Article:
MILWAUKEE -- Ivan Nova threw six sharp innings before leaving early because of a hurting left hamstring and the Pittsburgh Pirates hit three solo homers to rally past the Milwaukee Brewers 3-1 on Sunday for their eighth straight road victory.

John Jaso and Gregory Polanco each homered in the sixth off Brewers starter Chase Anderson (7-11) to complete Pittsburgh's first sweep at Miller Park since 2004. Starling Marte added a solo shot in the eighth.

Nova (4-0) retired 10 of his final 11 batters after allowing Jonathan Villar's solo homer in the third. He scattered three hits and struck out four before being pinch hit for in the seventh.

Tony Watson pitched a clean ninth for his 10th save in 13 opportunities (see full recap).

Archer strikes out 10, Rays hit 3 HRs in 10-4 win vs Astros
HOUSTON -- Chris Archer struck out 10 in seven innings, Corey Dickerson hit a three-run homer and the Tampa Bay Rays beat the Houston Astros 10-4 on Sunday.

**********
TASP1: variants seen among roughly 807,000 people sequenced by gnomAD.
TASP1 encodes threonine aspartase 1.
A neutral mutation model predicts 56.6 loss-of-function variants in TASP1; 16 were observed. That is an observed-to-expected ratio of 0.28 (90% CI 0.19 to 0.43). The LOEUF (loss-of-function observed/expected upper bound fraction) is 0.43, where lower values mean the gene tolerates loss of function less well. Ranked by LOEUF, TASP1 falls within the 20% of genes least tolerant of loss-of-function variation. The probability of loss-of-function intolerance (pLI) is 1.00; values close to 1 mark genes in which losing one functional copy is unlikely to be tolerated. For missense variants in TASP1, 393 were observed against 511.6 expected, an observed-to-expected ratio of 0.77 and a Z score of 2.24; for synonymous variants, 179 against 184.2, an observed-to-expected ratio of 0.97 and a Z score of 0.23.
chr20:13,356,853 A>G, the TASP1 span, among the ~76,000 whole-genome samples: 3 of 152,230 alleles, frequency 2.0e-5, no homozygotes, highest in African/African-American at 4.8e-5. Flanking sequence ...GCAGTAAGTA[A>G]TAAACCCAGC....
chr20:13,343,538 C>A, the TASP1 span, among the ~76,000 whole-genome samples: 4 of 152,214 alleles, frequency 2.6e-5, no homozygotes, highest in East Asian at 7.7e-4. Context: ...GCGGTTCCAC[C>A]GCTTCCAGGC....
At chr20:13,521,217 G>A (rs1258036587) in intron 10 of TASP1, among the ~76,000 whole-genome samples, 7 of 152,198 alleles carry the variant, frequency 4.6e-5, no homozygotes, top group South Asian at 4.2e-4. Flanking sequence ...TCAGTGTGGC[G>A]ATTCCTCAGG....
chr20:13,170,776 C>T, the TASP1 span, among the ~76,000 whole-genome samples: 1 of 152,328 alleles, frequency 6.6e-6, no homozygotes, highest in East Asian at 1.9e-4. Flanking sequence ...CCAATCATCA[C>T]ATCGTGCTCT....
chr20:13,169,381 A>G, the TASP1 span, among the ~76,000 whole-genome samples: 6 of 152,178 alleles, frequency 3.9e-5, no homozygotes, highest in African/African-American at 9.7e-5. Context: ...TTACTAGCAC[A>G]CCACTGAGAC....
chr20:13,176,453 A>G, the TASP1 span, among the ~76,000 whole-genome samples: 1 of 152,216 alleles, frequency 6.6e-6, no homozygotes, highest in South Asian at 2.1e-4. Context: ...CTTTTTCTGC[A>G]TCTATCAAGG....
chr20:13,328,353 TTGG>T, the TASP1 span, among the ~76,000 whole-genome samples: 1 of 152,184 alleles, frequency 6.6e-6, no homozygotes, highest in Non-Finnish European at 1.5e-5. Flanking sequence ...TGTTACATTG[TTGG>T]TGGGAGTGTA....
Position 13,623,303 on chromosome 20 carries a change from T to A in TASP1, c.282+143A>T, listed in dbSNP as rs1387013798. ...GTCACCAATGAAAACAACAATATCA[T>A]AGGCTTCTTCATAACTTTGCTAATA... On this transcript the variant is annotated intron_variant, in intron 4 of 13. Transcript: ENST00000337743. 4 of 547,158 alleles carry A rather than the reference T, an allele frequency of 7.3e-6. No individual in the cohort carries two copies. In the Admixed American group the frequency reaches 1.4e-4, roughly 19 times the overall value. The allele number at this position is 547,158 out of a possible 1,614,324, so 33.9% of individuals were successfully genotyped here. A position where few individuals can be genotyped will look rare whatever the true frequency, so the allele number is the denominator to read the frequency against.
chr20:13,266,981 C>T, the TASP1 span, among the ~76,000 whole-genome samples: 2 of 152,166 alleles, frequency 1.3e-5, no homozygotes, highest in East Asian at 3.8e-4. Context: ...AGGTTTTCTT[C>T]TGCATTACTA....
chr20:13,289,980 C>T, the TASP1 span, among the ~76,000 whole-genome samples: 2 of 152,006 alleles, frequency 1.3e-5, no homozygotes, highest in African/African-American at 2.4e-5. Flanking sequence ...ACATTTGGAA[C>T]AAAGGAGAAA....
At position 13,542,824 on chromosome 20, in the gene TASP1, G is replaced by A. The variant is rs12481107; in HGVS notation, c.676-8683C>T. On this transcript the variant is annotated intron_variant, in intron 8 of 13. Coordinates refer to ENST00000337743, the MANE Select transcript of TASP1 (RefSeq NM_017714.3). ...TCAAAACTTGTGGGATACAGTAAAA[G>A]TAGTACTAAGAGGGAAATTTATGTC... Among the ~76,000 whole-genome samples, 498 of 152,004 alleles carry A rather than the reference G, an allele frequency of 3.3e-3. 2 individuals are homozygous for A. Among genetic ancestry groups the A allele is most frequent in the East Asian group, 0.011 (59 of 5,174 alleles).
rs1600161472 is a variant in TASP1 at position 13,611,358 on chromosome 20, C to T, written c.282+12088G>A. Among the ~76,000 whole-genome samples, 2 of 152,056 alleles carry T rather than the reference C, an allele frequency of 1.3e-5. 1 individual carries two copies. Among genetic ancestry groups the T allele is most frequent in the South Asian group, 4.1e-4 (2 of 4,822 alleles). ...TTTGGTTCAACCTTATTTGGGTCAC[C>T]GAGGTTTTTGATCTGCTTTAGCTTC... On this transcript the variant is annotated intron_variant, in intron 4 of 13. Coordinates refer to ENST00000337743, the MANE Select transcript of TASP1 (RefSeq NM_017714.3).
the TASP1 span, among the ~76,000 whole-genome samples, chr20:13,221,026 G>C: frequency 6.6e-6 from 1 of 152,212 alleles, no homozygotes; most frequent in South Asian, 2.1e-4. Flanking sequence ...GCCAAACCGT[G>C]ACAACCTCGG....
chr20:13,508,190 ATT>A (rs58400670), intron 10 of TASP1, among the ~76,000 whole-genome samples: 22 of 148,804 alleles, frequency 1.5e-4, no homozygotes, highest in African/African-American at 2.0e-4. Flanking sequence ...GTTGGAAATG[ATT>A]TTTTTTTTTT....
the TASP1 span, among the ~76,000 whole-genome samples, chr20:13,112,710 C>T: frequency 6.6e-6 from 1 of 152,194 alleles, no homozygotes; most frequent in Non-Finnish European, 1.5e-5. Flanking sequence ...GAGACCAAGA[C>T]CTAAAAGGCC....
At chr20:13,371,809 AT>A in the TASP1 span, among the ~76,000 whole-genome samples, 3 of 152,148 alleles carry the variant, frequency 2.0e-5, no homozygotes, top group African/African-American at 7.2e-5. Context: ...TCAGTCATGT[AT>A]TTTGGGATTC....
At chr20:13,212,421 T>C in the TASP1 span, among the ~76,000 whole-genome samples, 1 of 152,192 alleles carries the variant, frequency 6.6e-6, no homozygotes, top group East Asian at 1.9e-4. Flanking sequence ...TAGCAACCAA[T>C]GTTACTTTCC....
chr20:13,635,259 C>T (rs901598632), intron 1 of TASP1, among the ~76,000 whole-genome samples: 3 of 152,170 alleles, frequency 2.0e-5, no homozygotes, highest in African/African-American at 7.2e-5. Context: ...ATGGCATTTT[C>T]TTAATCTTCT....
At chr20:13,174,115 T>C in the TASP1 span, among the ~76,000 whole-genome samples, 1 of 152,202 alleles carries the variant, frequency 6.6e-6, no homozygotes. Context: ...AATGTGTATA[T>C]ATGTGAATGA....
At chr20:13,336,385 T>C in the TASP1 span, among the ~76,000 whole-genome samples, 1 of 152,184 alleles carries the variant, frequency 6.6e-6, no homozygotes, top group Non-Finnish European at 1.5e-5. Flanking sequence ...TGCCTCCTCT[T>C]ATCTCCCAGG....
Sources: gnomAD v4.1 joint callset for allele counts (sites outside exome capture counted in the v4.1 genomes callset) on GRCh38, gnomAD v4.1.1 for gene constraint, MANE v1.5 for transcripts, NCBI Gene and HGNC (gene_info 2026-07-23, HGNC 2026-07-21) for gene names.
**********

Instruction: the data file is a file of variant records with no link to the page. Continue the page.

Matt Duffy and Nick Franklin also went deep for the last-place Rays, who have homered in 21 of their last 24 games.

Houston, in the hunt for an AL wild card, had won three straight.

Archer (8-17) gave up three runs and four hits with two walks. With his strikeout of A.J. Reed in the sixth, the right-hander joined David Price and James Shields as the only Tampa Bay pitchers with multiple 200-strikeout seasons.

The Rays jumped out early against Doug Fister.